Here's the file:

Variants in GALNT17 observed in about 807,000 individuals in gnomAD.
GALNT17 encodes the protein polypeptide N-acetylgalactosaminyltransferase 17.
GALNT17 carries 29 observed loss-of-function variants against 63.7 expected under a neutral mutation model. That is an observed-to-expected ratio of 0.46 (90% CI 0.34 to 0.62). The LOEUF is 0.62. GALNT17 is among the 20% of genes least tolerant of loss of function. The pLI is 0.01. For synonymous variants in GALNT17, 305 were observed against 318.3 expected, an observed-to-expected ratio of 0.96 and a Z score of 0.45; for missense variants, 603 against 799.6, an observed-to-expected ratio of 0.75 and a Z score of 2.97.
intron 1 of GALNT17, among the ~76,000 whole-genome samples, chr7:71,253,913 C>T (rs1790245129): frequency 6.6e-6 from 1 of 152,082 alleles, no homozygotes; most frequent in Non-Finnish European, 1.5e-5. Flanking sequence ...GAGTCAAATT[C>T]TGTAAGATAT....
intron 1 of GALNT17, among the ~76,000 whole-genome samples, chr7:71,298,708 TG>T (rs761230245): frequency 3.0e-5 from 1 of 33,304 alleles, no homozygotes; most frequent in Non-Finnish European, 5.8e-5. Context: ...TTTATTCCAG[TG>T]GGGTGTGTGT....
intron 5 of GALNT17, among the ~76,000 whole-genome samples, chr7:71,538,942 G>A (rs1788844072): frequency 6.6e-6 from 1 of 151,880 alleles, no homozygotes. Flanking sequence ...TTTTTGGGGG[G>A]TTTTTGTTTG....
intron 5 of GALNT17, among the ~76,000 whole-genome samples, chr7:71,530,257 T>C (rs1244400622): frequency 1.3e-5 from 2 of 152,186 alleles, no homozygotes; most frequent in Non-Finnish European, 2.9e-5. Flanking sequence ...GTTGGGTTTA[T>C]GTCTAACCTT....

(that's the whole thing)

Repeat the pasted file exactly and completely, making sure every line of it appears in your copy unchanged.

Variants in GALNT17 observed in about 807,000 individuals in gnomAD.
GALNT17 encodes the protein polypeptide N-acetylgalactosaminyltransferase 17.
GALNT17 carries 29 observed loss-of-function variants against 63.7 expected under a neutral mutation model. That is an observed-to-expected ratio of 0.46 (90% CI 0.34 to 0.62). The LOEUF is 0.62. GALNT17 is among the 20% of genes least tolerant of loss of function. The pLI is 0.01. For synonymous variants in GALNT17, 305 were observed against 318.3 expected, an observed-to-expected ratio of 0.96 and a Z score of 0.45; for missense variants, 603 against 799.6, an observed-to-expected ratio of 0.75 and a Z score of 2.97.
intron 1 of GALNT17, among the ~76,000 whole-genome samples, chr7:71,253,913 C>T (rs1790245129): frequency 6.6e-6 from 1 of 152,082 alleles, no homozygotes; most frequent in Non-Finnish European, 1.5e-5. Flanking sequence ...GAGTCAAATT[C>T]TGTAAGATAT....
intron 1 of GALNT17, among the ~76,000 whole-genome samples, chr7:71,298,708 TG>T (rs761230245): frequency 3.0e-5 from 1 of 33,304 alleles, no homozygotes; most frequent in Non-Finnish European, 5.8e-5. Context: ...TTTATTCCAG[TG>T]GGGTGTGTGT....
intron 5 of GALNT17, among the ~76,000 whole-genome samples, chr7:71,538,942 G>A (rs1788844072): frequency 6.6e-6 from 1 of 151,880 alleles, no homozygotes. Flanking sequence ...TTTTTGGGGG[G>A]TTTTTGTTTG....
intron 5 of GALNT17, among the ~76,000 whole-genome samples, chr7:71,530,257 T>C (rs1244400622): frequency 1.3e-5 from 2 of 152,186 alleles, no homozygotes; most frequent in Non-Finnish European, 2.9e-5. Flanking sequence ...GTTGGGTTTA[T>C]GTCTAACCTT....